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Elizabeth Lamb Tate ’39

Elizabeth’s father quit school as a boy to work in the cotton fields of Texas. It was his heart’s desire that his daughter attend Reed.

She was born after the Lambs moved to Portland’s Montavilla neighborhood and graduated from Washington High School. The country was still in the throes of the Great Depression when she went to Reed as a “day-dodger.”

“People around us were losing their real estate, and all of their savings,” Elizabeth remembered. “The banks closed and savings and loans went down the drain.”

Stung by the cliquishness of high school, she rejoiced at the absence of fraternities and sororities at Reed. She majored in literature, and, at the suggestion of her thesis adviser, Prof. Barry Cerf [English 1921-48], wrote a thesis comparing Shakespeare’s play Antony and Cleopatra with historical sources. The experience taught her to do research, cite sources, and write well. 

After Reed she worked at the Multnomah County Central Library, got a bachelor’s in library science from the Pratt Institute Library School in Brooklyn, and in 1942 began working at the Library of Congress in Washington, D.C. She later earned a PhD at the Graduate Library School, University of Chicago. Starting in 1964, Elizabeth worked first as assistant chief librarian and then as library director for the National Bureau of Standards. In 1973, she took over the descriptive cataloging division of the Library of Congress. She retired after more than 33 years of federal service, but stayed active editing Library Resources and Technical Services, a publication of the American Library Association, and tutoring for the Literacy Council in Montgomery County, Maryland.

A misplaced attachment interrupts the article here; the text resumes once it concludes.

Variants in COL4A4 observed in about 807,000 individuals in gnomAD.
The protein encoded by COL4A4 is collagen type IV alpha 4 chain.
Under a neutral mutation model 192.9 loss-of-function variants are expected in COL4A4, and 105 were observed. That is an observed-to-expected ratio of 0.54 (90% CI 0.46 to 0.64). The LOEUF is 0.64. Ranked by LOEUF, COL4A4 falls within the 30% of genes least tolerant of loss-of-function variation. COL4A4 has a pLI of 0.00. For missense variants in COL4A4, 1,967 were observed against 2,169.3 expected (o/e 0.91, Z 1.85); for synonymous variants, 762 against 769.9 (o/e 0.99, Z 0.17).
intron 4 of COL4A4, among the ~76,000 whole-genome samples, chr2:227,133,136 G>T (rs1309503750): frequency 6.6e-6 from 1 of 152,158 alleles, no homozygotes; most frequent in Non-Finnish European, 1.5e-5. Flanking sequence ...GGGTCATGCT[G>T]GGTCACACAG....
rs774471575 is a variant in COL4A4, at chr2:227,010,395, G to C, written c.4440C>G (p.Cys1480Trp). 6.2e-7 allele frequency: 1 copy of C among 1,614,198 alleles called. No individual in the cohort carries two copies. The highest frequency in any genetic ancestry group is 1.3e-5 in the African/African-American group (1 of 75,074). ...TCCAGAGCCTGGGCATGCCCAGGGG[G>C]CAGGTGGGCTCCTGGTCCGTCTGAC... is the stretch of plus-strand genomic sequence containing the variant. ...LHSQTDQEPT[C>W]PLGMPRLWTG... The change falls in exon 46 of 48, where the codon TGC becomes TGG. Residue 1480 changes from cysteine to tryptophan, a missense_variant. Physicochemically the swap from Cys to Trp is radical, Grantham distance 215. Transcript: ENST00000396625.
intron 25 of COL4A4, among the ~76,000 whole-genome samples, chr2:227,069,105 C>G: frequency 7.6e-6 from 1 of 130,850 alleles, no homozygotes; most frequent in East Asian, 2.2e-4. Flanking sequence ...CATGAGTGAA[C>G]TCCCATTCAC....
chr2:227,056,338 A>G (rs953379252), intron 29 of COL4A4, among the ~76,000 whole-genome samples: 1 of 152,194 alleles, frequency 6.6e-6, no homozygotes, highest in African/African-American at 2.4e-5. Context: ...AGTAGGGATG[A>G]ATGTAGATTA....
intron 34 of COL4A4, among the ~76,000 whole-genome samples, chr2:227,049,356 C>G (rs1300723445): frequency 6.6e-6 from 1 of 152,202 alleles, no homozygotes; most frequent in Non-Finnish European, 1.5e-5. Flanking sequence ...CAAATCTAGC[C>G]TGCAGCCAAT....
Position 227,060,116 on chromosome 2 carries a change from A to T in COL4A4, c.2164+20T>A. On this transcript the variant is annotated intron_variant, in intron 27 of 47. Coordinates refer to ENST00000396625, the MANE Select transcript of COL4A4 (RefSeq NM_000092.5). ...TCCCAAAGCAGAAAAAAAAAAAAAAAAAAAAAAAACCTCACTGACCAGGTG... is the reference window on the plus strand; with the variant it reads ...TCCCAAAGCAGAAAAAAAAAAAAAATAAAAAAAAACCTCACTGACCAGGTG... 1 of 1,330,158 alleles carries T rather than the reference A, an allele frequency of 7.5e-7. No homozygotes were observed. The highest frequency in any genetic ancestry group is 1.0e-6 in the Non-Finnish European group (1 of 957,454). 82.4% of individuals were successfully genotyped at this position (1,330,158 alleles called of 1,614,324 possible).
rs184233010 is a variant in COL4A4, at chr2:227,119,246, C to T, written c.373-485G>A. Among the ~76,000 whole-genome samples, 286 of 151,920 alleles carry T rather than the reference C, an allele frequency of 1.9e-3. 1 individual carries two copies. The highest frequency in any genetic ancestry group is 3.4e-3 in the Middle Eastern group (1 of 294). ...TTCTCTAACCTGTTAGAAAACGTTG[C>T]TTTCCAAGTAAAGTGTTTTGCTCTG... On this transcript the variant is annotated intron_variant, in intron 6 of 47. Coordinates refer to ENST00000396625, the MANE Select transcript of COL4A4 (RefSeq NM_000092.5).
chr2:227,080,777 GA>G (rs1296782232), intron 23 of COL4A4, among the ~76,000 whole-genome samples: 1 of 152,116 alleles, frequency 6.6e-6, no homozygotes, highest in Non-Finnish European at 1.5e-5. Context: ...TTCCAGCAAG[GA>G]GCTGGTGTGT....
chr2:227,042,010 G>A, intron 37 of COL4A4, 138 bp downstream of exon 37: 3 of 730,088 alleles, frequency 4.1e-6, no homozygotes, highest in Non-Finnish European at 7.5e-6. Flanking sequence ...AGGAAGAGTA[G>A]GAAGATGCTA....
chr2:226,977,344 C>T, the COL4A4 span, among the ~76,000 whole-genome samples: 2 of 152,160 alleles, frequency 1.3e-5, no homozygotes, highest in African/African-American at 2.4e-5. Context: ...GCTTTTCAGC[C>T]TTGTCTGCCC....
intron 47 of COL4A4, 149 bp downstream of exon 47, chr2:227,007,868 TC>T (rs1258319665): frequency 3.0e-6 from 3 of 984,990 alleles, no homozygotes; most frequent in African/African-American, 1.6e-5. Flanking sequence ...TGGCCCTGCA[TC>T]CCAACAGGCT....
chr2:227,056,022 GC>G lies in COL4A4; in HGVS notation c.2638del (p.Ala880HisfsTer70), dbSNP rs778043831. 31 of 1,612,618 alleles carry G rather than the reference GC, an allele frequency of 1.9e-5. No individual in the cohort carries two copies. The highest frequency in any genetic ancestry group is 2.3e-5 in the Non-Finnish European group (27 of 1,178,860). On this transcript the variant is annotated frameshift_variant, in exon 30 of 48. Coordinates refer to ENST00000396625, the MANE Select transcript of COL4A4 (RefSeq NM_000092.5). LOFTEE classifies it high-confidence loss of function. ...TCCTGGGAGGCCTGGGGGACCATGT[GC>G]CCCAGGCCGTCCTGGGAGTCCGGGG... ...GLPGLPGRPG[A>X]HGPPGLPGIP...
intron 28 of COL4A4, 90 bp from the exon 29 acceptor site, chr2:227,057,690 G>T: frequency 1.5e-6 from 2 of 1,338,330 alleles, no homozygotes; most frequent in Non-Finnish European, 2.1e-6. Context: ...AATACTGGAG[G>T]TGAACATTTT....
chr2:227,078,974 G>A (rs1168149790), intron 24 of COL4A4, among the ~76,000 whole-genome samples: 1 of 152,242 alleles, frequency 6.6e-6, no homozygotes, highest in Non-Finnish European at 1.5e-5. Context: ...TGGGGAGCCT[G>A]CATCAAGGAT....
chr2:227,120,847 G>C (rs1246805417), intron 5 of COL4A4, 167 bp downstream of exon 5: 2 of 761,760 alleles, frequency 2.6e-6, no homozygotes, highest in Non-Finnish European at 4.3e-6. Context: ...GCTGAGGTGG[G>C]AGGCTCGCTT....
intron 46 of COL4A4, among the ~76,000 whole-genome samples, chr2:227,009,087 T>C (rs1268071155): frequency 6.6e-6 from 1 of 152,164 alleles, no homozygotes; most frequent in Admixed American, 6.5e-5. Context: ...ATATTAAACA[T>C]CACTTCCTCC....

Elizabeth met her husband, Douglas Tate ’35, while she was working at the Library of Congress. Though both were Reed graduates, they never met on campus. She was a friend of Ellen Knowlton Johnson ’39. Douglas’s boss at the National Bureau of Standards was married to Ellen’s sister Kathleen Knowlton Wilson ’32. Douglas and Elizabeth met when they were invited to the Wilson’s home for Christmas dinner. They married in 1943. Douglas was a physicist with the National Institute of Standards and Technology. He passed away in 2004.

The couple lived for years in Rockville, Maryland, before moving to a retirement community in Chapel Hill, North Carolina.

Through the years they were extremely generous with their support of Reed. They established the Elizabeth and Douglas Tate Scholarship, with preference given to students majoring in physics, mathematics or other scientific disciplines.

“Our Reed experience was very important to us,” said. “Both of us having the Reed background meant that we approached problems with the scientific method. We both ended up with the same attitudes towards a lot of important problems.”

Appeared in Reed magazine: March 2016

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